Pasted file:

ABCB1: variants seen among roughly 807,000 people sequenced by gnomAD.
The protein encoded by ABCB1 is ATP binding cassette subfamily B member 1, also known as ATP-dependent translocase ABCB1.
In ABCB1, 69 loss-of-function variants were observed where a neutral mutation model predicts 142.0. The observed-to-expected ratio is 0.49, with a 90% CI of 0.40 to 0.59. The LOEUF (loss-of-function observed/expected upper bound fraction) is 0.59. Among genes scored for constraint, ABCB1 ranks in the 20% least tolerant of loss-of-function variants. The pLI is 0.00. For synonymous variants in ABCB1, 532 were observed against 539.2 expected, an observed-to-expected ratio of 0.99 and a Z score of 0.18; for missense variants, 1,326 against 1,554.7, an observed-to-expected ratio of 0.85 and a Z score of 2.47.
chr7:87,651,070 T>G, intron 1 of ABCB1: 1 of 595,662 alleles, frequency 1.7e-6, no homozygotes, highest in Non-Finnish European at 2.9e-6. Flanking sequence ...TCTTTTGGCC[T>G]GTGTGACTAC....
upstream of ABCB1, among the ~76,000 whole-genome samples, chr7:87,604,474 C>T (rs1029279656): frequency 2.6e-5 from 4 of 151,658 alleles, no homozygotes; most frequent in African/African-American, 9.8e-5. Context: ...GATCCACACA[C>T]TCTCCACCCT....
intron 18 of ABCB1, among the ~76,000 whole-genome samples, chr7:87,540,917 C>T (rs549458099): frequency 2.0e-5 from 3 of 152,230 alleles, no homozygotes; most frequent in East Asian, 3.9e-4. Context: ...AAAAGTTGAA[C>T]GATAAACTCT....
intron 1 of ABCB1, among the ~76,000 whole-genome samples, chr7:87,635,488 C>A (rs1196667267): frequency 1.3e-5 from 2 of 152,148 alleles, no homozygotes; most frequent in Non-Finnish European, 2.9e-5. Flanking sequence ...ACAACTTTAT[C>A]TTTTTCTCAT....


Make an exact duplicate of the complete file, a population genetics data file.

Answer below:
ABCB1: variants seen among roughly 807,000 people sequenced by gnomAD.
The protein encoded by ABCB1 is ATP binding cassette subfamily B member 1, also known as ATP-dependent translocase ABCB1.
In ABCB1, 69 loss-of-function variants were observed where a neutral mutation model predicts 142.0. The observed-to-expected ratio is 0.49, with a 90% CI of 0.40 to 0.59. The LOEUF (loss-of-function observed/expected upper bound fraction) is 0.59. Among genes scored for constraint, ABCB1 ranks in the 20% least tolerant of loss-of-function variants. The pLI is 0.00. For synonymous variants in ABCB1, 532 were observed against 539.2 expected, an observed-to-expected ratio of 0.99 and a Z score of 0.18; for missense variants, 1,326 against 1,554.7, an observed-to-expected ratio of 0.85 and a Z score of 2.47.
chr7:87,651,070 T>G, intron 1 of ABCB1: 1 of 595,662 alleles, frequency 1.7e-6, no homozygotes, highest in Non-Finnish European at 2.9e-6. Flanking sequence ...TCTTTTGGCC[T>G]GTGTGACTAC....
upstream of ABCB1, among the ~76,000 whole-genome samples, chr7:87,604,474 C>T (rs1029279656): frequency 2.6e-5 from 4 of 151,658 alleles, no homozygotes; most frequent in African/African-American, 9.8e-5. Context: ...GATCCACACA[C>T]TCTCCACCCT....
intron 18 of ABCB1, among the ~76,000 whole-genome samples, chr7:87,540,917 C>T (rs549458099): frequency 2.0e-5 from 3 of 152,230 alleles, no homozygotes; most frequent in East Asian, 3.9e-4. Context: ...AAAAGTTGAA[C>T]GATAAACTCT....
intron 1 of ABCB1, among the ~76,000 whole-genome samples, chr7:87,635,488 C>A (rs1196667267): frequency 1.3e-5 from 2 of 152,148 alleles, no homozygotes; most frequent in Non-Finnish European, 2.9e-5. Flanking sequence ...ACAACTTTAT[C>A]TTTTTCTCAT....